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Advisor Blog | Oct 2019

How Banks Can Do More to Address the Gender Pay Gap

While data show a somewhat lackluster effort to close the pay gap, banks are in a uniquely strong position to move the needle.

It is time for financial institutions to realize that focusing on pay equity is not enough. Organizations must broaden their perspectives on diversity and inclusion (D&I) to focus on the more complex issue of pay gap. To date, the industry has shown variable—and for the most part lackluster—interest in this strategic imperative. 

In a recent survey of more than 70 financial institutions, over 50% reported that diversity and inclusion (54%) and gender pay equity (59%) were important priorities, while just under 50% reported closing the gender pay gap (46%) as an important priority. This is troubling when you consider that 70% of respondents in other industries in the same survey had these issues listed as a high or important priority. In an industry where 60% of the workforce is female and only 36.5% of executive/senior level positions are occupied by women, banks should be asking “Why this is happening and how can we fix it?”

Pay equity is straightforward. It’s the law and demands equal pay for comparable work. Statistical studies can be conducted, resulting in determinations and actions to be taken. Financial institutions are actively engaged in addressing pay equity. More than 60% of financial institutions responding to the survey formally assess their gender pay equity internally. Diversity and inclusion and the gender pay gap are much more complex issues and are not easily addressed. Fewer than 20% of financial institutions surveyed have a formal diversity and inclusion program and only about one quarter have a view of the gender pay gap.  It may be due in part to the complexity of these issues that most financial institutions have limited policies, processes, and structures in place that support D&I. Here are some additional alarming results from the financial industry in our survey:

  • Just 7% have a process in place to increase female representation in management and/or executive positions;
  • Less than 20% take action to increase diversity when recruiting (4% for institutions under $1B and 27% over $1B);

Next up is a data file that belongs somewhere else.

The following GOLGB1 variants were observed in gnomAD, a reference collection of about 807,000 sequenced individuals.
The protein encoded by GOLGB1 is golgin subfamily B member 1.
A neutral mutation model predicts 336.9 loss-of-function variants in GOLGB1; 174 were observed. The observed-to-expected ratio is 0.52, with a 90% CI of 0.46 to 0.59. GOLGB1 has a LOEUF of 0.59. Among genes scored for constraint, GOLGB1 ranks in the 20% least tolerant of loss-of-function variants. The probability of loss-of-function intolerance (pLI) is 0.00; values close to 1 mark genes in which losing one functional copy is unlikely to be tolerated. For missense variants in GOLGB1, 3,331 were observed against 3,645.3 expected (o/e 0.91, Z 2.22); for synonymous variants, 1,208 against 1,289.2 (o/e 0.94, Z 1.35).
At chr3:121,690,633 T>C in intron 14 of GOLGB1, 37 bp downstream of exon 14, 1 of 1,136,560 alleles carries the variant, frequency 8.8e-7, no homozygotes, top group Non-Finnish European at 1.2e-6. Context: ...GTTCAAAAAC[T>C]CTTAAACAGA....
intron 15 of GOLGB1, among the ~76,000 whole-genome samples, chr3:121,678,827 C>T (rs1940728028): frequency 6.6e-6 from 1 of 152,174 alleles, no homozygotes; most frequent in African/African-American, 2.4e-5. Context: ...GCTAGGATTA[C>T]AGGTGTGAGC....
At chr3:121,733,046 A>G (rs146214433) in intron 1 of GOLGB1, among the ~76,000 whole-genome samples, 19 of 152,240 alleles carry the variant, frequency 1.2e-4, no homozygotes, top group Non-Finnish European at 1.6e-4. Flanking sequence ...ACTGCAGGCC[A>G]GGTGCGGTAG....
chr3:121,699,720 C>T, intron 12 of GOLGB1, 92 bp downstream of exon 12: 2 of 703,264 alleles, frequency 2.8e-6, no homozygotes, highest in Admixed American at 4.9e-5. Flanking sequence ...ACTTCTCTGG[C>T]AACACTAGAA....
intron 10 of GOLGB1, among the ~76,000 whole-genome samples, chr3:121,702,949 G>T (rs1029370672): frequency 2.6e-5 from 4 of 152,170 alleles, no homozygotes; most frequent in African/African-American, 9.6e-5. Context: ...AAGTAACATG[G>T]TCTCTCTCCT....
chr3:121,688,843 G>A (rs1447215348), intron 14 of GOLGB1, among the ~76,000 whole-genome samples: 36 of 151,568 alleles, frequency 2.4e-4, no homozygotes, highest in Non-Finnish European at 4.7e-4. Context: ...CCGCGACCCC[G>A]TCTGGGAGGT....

• Only 10% indicate they are taking action to increase diversity when promoting employees; and
  • Only about 16% indicate that they measure D&I outcomes.  

Financial institutions need to begin their journey to close the pay gap by first understanding the basic concept and then explore the underlying causes. For the most part, the pay gap is not an intentional discrimination issue. While it’s the median of women’s pay compared to the median of men’s pay (often described as women earning 80% of what men earn), the causes are subtle and have their roots in societal expectations around women’s roles in the workplace.  The issue is less about pay equity and more due to representation in leadership positions, career sorting, career disruption, and unconscious bias.

Here are some concrete steps that financial institutions can take to get at the systemic causes contributing to the pay gap:  

  • Have the Board Set the Tone: With greater gender diversity on boards, there are more voices of experience around the opportunity gap and potential solutions.
  • Focus on Hiring and Retention: Analyze hiring and promotional processes and ensure your assessments do not have built-in bias (e.g., job descriptions/postings that use “male” oriented terms such as aggressive, competitive, and dominate). Make diversity in recruitment a priority, which can help create a level playing field at the hiring stage.
  • Offer Specific Developmental Opportunities: A formal process to increase female representation in management and executive positions sends a strong signal that the issue is taken seriously, as do internal training and development programs that are specifically gender oriented.
  • Leverage Promotion Cycles: Presenting a more diversified slate of candidates for leadership hires and promotions with at least half the slate being female will increase the probability that a women or minority will be selected.
  • Audit HR Policies: There are numerous opportunities to improve family leave. Keeping women connected during their maternity leave to facilitate a positive decision to return to work and developing performance review policies that allow for those who take any type of family leave to stay on same cycle as their colleagues can have positive effect on the gap. At a minimum, ensure policies that affect working families do not have any unintended consequences and address any overt issues that may exist currently.   

Measuring the change you seek—greater gender diversity—will signal priority for this issue. When it comes to measuring what is said to matter, our survey found that only 16% of financial institutions measure D&I program outcomes. Measuring and holding leadership accountable for improvements sends clear signals to the organization at large that diversity and gender pay issues are priorities.

The hurdles for closing the gender pay gap in financial institutions appear large and daunting. Given our survey responses and broader research on this issue, it may seem impossible. Do not let that hinder you! The solutions are out there for financial institutions and the workforce has just the right mix—over 60% of the workforce is female—that allows you to look at the problem through a lens of opportunity. Think creatively and strategically about how to increase the representation of women in higher level leadership roles and into functions that historically paid a premium for talent. Now you know—go forth and fix!       

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